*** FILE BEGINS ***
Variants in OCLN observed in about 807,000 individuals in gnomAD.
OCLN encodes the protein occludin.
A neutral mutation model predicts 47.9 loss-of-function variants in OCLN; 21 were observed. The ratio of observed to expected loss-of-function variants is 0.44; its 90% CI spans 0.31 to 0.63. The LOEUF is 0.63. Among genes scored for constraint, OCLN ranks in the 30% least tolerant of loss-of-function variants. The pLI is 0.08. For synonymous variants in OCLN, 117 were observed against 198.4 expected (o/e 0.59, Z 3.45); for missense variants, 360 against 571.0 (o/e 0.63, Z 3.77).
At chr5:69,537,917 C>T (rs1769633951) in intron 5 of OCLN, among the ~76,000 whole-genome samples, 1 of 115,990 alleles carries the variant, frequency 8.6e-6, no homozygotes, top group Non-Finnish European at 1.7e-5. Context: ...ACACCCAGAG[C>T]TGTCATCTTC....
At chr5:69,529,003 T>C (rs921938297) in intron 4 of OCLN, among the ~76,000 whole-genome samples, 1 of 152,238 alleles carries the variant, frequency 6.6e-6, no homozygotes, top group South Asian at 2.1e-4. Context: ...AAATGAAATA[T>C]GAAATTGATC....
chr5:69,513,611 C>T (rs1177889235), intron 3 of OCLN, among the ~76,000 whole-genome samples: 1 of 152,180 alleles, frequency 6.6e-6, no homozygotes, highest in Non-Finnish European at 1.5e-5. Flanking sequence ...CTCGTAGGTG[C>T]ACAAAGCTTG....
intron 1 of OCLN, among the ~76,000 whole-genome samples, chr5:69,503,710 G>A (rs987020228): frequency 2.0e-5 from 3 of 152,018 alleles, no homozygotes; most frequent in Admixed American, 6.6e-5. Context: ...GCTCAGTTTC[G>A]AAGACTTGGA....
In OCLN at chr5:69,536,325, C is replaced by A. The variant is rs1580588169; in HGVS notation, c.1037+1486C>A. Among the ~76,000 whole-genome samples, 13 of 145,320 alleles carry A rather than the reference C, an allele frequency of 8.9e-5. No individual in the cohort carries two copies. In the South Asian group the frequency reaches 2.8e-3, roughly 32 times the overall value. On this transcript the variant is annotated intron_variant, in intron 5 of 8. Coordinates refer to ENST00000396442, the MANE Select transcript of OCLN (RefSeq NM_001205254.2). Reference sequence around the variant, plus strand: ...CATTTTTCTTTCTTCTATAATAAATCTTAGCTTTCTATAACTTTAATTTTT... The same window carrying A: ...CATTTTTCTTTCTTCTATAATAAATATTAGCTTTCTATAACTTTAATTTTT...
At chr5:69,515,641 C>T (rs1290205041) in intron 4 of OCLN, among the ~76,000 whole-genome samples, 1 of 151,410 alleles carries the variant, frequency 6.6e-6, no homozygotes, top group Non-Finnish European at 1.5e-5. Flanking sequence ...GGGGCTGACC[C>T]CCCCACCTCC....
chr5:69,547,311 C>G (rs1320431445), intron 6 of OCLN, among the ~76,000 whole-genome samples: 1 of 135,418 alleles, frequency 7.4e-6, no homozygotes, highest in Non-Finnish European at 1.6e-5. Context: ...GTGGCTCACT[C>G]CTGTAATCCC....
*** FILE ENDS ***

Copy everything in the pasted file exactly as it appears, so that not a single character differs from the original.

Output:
Variants in OCLN observed in about 807,000 individuals in gnomAD.
OCLN encodes the protein occludin.
A neutral mutation model predicts 47.9 loss-of-function variants in OCLN; 21 were observed. The ratio of observed to expected loss-of-function variants is 0.44; its 90% CI spans 0.31 to 0.63. The LOEUF is 0.63. Among genes scored for constraint, OCLN ranks in the 30% least tolerant of loss-of-function variants. The pLI is 0.08. For synonymous variants in OCLN, 117 were observed against 198.4 expected (o/e 0.59, Z 3.45); for missense variants, 360 against 571.0 (o/e 0.63, Z 3.77).
At chr5:69,537,917 C>T (rs1769633951) in intron 5 of OCLN, among the ~76,000 whole-genome samples, 1 of 115,990 alleles carries the variant, frequency 8.6e-6, no homozygotes, top group Non-Finnish European at 1.7e-5. Context: ...ACACCCAGAG[C>T]TGTCATCTTC....
At chr5:69,529,003 T>C (rs921938297) in intron 4 of OCLN, among the ~76,000 whole-genome samples, 1 of 152,238 alleles carries the variant, frequency 6.6e-6, no homozygotes, top group South Asian at 2.1e-4. Context: ...AAATGAAATA[T>C]GAAATTGATC....
chr5:69,513,611 C>T (rs1177889235), intron 3 of OCLN, among the ~76,000 whole-genome samples: 1 of 152,180 alleles, frequency 6.6e-6, no homozygotes, highest in Non-Finnish European at 1.5e-5. Flanking sequence ...CTCGTAGGTG[C>T]ACAAAGCTTG....
intron 1 of OCLN, among the ~76,000 whole-genome samples, chr5:69,503,710 G>A (rs987020228): frequency 2.0e-5 from 3 of 152,018 alleles, no homozygotes; most frequent in Admixed American, 6.6e-5. Context: ...GCTCAGTTTC[G>A]AAGACTTGGA....
In OCLN at chr5:69,536,325, C is replaced by A. The variant is rs1580588169; in HGVS notation, c.1037+1486C>A. Among the ~76,000 whole-genome samples, 13 of 145,320 alleles carry A rather than the reference C, an allele frequency of 8.9e-5. No individual in the cohort carries two copies. In the South Asian group the frequency reaches 2.8e-3, roughly 32 times the overall value. On this transcript the variant is annotated intron_variant, in intron 5 of 8. Coordinates refer to ENST00000396442, the MANE Select transcript of OCLN (RefSeq NM_001205254.2). Reference sequence around the variant, plus strand: ...CATTTTTCTTTCTTCTATAATAAATCTTAGCTTTCTATAACTTTAATTTTT... The same window carrying A: ...CATTTTTCTTTCTTCTATAATAAATATTAGCTTTCTATAACTTTAATTTTT...
At chr5:69,515,641 C>T (rs1290205041) in intron 4 of OCLN, among the ~76,000 whole-genome samples, 1 of 151,410 alleles carries the variant, frequency 6.6e-6, no homozygotes, top group Non-Finnish European at 1.5e-5. Flanking sequence ...GGGGCTGACC[C>T]CCCCACCTCC....
chr5:69,547,311 C>G (rs1320431445), intron 6 of OCLN, among the ~76,000 whole-genome samples: 1 of 135,418 alleles, frequency 7.4e-6, no homozygotes, highest in Non-Finnish European at 1.6e-5. Context: ...GTGGCTCACT[C>G]CTGTAATCCC....